My dad told me, once, that if you believe what the Nazarene taught, you are a Xian. Church doctrine isn’t what determines that.
I found some comfort in that, at the time, because peeling that label off was hard. I grew up believing that God loved me and that Jesus did, too. It was hard coming to grips with the belief that the loving god I was taught about had to be as much a myth as Zeus and Odin. All those stories are interesting, culturally, and are useful to see how people have tried to explain a confusing world. But, none of them have any more significance than that for me.
I don’t like to use the labels “agnostic” or “atheist,” though. They come with their own baggage that I don’t care to wear, either.
I found this on FaceBook yesterday.
“Written by Henry Scott Holland (27 January 1847 – 17 March 1918) was Regius Professor of Divinity at the University of Oxford”
I have not met Omid Safi, but he lives near me. He teaches at UNC-CH so he’s just down the road. It was surprising to me to find his essays about Islam on the Religion News website and realize that this writer is actually a neighbor of sorts. Today, he wrote about the standing protests in Turkey. That is a form of activism I can get behind. Not ranting. Not screaming. Not even chanting. No slogans. Simply standing for what you think is important.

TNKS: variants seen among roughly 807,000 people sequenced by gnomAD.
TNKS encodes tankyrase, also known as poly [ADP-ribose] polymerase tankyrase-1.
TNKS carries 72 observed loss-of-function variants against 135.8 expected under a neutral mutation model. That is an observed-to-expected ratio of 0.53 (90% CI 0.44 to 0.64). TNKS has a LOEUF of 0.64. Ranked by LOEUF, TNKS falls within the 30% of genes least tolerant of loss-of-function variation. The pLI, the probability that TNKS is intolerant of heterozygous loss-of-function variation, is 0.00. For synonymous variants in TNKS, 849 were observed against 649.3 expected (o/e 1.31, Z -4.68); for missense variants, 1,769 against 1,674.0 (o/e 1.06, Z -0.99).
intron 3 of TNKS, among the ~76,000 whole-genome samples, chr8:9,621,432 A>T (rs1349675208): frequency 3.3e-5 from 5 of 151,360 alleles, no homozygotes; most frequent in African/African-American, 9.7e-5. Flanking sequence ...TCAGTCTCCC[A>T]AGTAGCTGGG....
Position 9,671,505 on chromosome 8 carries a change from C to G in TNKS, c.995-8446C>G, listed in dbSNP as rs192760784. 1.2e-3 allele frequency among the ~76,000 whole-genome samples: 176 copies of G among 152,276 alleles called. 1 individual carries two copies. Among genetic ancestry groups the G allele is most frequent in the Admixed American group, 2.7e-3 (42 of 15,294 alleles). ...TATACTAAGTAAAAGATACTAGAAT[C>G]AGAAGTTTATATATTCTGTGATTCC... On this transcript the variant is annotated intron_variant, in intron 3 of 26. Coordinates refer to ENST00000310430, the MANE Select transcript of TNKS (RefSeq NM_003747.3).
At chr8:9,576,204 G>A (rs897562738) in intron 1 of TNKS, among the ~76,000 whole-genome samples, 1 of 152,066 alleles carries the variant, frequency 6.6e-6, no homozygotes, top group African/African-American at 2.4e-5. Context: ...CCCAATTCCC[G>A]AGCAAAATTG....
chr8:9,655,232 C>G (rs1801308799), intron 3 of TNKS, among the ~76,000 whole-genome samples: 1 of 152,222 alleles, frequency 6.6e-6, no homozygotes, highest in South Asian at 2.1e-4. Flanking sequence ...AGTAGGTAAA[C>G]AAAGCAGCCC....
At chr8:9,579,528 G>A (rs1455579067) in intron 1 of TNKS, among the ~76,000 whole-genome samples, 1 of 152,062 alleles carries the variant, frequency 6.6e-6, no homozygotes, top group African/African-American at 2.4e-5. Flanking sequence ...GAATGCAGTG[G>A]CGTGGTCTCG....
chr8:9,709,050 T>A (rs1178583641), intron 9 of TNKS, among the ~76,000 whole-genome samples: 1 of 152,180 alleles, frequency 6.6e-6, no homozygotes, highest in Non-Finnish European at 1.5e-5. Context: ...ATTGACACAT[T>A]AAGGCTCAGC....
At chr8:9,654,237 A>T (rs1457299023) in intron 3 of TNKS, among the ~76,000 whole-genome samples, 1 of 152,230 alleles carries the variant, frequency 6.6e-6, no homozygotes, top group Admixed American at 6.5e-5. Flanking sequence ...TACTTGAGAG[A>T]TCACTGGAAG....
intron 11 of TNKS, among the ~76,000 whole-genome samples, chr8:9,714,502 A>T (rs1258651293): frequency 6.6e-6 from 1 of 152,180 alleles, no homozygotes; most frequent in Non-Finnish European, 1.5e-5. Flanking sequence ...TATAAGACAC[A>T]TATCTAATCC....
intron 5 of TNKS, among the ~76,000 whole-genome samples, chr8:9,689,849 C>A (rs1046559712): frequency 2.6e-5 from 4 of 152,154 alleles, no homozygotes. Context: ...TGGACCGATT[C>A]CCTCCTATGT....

I have met Lindsey Thompson and Gabriela Quiroz from the Travel Light film crew. We stopped into a/perture cinema one Wednesday when they were introducing their post-graduation project to Winston-Salem. They are part of a group of NC School of the Arts film school students who are hiking the Camino de Santiago this summer. Blogging as they go, they are making a film about the Camino, one of the most famous Christian pilgrimages in the world.
I’m fascinated by the Camino, so I am really loving following the journey of these filmmakers.